“In this case, it is their officers who are going to be signatory to it. And what that group policy is seeking to do is to protect the passenger and the rider himself.
“When it is life policy, individual data are required, that is, the data of those whom the insurance seeks to cover. But when it is group policy, whether life or accident policy, the law demands that the policy be displayed in public so that everybody could have access to see it. In fact, whatever you do on behalf of a group, the law demands that it has to be displayed in public for everyone to see it. The reason why they are issued with a certificate of insurance is that they are supposed to display it in a public place where everybody will have access to it. That is the position of the law in this case, especially group life insurance.”
On whether it is operated in Lagos or Ogun State, Durodola said it had not been successful in both states. “Group life insurance has been highly unsuccessful in Lagos and Ogun states. I have been talking to the Ogun State government for quite some time now but the state has not been able to do anything,” said the insurance broker.
He added: “Lagos State has also promised to do something collectively on group life insurance for okada operators. But the state has not taken off on this. So, both Lagos and Ogun don’t have anything on group policy insurance.”
As to why it had been difficult, he explained that the problem with commercial motorcycle operators is that they are too fragmented such that they don’t have a single body anyone can work with.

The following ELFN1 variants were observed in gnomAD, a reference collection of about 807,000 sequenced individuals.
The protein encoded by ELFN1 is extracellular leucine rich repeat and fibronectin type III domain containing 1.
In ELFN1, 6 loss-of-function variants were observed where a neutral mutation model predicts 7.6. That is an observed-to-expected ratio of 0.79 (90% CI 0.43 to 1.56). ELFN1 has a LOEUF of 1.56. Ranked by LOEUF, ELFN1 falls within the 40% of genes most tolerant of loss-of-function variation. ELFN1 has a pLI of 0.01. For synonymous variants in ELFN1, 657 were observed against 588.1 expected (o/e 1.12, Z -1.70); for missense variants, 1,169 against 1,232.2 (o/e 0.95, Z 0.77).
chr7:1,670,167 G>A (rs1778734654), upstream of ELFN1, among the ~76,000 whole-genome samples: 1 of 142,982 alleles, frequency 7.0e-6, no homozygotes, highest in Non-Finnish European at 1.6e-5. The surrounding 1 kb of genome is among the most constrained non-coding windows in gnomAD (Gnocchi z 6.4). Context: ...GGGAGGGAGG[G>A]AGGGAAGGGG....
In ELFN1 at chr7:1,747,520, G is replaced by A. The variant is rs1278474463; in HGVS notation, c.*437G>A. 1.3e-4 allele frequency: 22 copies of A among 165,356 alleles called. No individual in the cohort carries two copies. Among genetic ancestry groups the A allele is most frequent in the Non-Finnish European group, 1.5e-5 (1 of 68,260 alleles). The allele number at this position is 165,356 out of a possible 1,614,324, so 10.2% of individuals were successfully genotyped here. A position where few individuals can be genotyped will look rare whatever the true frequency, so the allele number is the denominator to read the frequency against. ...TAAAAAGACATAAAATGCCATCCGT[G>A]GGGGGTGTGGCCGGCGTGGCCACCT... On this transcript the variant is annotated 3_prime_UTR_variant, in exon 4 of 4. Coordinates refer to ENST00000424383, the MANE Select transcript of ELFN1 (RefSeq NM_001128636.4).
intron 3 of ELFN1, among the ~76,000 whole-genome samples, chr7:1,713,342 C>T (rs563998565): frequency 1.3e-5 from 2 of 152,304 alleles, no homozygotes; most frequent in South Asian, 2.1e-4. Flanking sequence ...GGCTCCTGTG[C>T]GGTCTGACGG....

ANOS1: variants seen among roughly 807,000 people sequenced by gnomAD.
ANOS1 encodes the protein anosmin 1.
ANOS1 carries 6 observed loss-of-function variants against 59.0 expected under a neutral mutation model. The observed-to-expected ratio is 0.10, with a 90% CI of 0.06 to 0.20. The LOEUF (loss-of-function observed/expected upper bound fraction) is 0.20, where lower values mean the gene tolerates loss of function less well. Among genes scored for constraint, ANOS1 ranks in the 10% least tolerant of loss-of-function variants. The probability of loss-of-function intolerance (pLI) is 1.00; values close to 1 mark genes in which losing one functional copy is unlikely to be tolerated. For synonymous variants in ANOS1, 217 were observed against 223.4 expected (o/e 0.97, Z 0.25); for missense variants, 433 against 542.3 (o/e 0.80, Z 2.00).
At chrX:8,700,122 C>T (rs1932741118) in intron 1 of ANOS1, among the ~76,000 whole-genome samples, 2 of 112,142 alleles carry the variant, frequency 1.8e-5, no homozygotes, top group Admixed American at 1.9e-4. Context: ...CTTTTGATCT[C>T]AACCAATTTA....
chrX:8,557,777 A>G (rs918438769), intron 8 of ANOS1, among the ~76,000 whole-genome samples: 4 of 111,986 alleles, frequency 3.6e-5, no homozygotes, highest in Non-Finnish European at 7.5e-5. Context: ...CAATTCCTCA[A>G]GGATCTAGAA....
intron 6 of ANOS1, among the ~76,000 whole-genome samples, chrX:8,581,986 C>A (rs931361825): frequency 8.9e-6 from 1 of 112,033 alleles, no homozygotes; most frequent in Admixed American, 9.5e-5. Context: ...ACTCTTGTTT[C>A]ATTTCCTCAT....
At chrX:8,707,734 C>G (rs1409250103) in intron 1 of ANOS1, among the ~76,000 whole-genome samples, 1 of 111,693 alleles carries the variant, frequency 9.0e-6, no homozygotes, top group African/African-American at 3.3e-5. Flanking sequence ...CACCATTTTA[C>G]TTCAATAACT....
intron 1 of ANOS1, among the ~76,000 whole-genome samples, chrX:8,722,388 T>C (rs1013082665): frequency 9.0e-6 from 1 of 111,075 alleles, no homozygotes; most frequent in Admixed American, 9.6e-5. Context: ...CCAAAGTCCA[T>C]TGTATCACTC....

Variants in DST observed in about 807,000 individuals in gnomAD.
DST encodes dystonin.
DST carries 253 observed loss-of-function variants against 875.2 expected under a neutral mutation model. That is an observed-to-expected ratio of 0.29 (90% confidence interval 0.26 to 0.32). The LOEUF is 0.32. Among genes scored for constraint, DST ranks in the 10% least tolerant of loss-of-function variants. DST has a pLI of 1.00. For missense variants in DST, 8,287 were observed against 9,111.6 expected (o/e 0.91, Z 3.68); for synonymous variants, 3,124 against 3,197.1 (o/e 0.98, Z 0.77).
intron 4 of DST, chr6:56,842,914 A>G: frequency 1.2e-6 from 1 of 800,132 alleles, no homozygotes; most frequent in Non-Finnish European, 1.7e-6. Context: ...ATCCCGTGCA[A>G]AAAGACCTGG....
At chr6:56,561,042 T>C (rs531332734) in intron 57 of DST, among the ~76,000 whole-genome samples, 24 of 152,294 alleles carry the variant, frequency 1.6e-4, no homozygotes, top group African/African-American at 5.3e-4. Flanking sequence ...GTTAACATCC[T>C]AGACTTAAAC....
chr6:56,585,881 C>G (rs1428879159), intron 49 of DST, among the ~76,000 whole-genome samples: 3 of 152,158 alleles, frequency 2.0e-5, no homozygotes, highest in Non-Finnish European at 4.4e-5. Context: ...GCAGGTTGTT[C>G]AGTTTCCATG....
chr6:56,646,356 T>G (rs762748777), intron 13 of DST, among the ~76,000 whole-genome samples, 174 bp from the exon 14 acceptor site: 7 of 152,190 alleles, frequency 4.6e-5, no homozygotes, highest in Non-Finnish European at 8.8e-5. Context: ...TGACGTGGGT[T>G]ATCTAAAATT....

“Government needs to organise them to be in one orderly organisation for the sake of the public who are exposed to the hazards of their transport services. In most cases of accident, it is the passenger that sustains more injuries than the rider. And when the passengers are two in number, that means more hazards,” said Durodola.
As to how much premium is required for group insurance policy covering the motorcycle operator, passenger, and the bike, Durodola explained that the cost would be difficult to aggregate if one factors damage to the rider, passenger(s), and the bike.
“For the bike, it is a different ball game. It is like motor insurance which requires a minimum of third party insurance. But for the rider and passenger, because the operators are in group and are too many, it could cost them N3,000 in premium on an annual basis. At most, it can cost them N5,000 per annum.
“And the policy will cover disability, injury per head, both the operator and the passenger. But where they carry two passengers, it won’t be less than N5,000 per operator on an annual basis,” Durodola stated.
However, he pointed out that on a special arrangement, a policy could be worked out covering the operator, passenger and the bike even though the motorcycle ought to be covered by a third party insurance.